You might as well save the expressions of wide-eyed amazement as we once again discuss an investment professional who could star in any contemplated sequel to the film Dirty Rotten Scoundrels; sadly, the frequency with which this stuff is happening is more a prompt for yawning than it is one for an expression of outrage. Kenneth Starr, a New York-based investment adviser with celebrity clients that include Sylvester Stallone, Martin Scorsese, and Uma Thurman, has been charged by the U.S. government as being the architect of a $30 million fraud. The technical nature and details of the actual charges don’t really matter, at least in this forum; they’re all some version of the following: stealing money from the clients who put in Starr the greatest of trusts. What else do we really need to know, beyond that simple and painful fact?
It is wasted effort to go on about what a scumbag this guy is; we all know he’s exactly that, and he knows it, as well. The salient point I want to emphasize here is the common denominator…indeed the greatest ally…of thieving investment advisers is the fact that they are “self-clearing.” This is an industry term that basically means the adviser, in addition to being an adviser, is also the custodian of his clients’ monies. I have never seen a compelling reason for an adviser to also act as custodian. Whatever advantages there may be are strongly outweighed, in my opinion, by the potential lack of transparency, and by consequence, the potential for misdeeds by the adviser.
If you are in the market for an investment adviser, fine; an adviser can be a great asset to a client who has not the time, inclination, and/or expertise to properly manage his own portfolio. However, do yourself a favor and stick with an adviser who utilizes a third-party independent custodian as the depository of the actual funds; in this scenario, the adviser is merely attached to the account in a capacity that allows him to manage your funds with a limited trading authorization. This independent custodian could be a mutual fund company, or a discount brokerage, or any such place over which the adviser has no control and that generates statements and trade confirmations directly to you and separate from the purview of the adviser. The best independent custodians, from the standpoint of your own protection, are those that have well-known names and are high-profile players in the investment business: discount brokerages like Schwab and TD Ameritrade are good examples, as is any of a variety of mutual fund families. There are plenty more beyond those, but the point is that if you are writing a check to your adviser or the company he owns, rather than to an independent custodian, you are increasing the chances that the troubles now plaguing the clients of Kenneth Starr will befall you, as well.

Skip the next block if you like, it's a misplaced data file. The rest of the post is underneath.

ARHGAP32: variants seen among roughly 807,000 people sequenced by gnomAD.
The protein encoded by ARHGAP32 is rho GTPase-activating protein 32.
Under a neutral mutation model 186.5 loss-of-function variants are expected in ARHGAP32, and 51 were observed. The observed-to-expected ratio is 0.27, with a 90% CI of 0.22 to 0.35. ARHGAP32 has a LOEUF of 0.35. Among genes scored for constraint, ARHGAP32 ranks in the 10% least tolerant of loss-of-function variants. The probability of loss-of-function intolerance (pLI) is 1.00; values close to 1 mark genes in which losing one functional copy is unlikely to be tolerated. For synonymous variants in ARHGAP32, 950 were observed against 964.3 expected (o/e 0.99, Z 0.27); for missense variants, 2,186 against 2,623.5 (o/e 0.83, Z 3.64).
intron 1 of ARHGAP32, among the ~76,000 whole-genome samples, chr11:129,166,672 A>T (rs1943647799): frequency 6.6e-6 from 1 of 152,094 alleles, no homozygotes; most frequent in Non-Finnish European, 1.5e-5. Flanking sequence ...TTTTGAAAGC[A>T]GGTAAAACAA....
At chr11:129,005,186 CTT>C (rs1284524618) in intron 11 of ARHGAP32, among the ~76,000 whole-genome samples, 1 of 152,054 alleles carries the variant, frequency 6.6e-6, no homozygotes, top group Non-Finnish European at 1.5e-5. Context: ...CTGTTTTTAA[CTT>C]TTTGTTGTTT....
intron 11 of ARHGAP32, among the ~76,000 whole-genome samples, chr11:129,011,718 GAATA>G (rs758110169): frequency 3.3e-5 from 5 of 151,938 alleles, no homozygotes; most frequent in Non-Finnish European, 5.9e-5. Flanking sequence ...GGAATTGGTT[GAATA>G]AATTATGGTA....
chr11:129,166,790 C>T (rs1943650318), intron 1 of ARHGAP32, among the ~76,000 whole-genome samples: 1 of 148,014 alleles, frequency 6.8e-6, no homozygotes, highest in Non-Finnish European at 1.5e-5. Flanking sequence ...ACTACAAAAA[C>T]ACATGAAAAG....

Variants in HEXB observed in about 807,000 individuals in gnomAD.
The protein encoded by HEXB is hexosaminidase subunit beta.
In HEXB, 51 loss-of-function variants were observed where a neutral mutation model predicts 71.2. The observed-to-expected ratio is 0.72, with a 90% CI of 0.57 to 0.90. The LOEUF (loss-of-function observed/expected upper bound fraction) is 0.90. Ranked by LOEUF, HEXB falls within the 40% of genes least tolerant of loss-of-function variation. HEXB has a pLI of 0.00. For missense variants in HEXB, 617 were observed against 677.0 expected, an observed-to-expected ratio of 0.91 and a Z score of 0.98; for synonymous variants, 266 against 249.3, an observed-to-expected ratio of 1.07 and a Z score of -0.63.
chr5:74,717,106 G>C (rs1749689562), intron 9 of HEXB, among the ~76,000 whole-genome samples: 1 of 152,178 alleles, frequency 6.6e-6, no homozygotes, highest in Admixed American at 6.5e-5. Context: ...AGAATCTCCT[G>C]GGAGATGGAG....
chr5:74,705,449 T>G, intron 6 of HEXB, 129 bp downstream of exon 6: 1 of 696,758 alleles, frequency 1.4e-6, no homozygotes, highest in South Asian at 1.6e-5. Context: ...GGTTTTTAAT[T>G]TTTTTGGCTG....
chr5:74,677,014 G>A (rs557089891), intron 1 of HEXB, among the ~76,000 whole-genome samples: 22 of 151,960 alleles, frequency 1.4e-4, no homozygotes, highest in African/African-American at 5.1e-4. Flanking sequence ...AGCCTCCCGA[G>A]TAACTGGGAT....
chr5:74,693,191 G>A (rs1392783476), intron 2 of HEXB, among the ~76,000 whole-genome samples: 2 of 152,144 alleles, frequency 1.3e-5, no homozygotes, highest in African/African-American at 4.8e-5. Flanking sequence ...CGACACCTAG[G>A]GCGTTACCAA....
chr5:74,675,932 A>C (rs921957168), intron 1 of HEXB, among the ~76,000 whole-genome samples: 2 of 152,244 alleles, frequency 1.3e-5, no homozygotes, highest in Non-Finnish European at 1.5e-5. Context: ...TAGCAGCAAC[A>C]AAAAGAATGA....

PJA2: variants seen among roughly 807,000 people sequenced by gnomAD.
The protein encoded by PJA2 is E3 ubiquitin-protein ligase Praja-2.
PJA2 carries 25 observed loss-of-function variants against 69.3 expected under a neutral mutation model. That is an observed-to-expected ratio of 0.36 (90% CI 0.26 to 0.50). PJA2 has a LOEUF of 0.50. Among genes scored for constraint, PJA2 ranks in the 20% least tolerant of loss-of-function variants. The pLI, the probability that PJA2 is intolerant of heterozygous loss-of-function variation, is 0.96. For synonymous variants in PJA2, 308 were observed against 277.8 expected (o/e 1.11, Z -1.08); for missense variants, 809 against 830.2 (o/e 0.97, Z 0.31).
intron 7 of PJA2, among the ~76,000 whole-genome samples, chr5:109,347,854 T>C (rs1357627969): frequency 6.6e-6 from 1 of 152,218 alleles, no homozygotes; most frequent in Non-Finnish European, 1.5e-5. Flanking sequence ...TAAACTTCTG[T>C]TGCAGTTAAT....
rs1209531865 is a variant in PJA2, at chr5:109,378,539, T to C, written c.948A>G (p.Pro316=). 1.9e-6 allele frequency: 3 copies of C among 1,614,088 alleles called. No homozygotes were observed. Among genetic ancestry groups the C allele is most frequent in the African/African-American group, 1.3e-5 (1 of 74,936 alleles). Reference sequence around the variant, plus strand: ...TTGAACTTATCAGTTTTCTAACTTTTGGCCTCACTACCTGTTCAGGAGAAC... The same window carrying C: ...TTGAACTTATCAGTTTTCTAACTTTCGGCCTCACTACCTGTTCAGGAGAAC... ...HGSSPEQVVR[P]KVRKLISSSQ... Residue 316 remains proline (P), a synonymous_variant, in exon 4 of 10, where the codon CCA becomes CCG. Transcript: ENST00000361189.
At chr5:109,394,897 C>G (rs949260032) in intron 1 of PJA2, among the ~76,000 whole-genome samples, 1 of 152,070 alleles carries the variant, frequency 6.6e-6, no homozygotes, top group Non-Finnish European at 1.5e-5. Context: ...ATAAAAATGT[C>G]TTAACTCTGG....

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Bob Yetman, Editor-at-Large at Christian Money.com (www.christianmoney.com), is an author of a variety of materials on personal finance and investing, as well as on topics of fitness and self defense, to include the recently-released book Investor's Passport to Hedge Fund Profits (John Wiley & Sons, Inc; www.investorspassport.com) and the new unarmed combat training DVD Thunderstrikes – How to Develop One Shot, One Kill Striking Power (Paladin Press; www.mikereevesonline.com).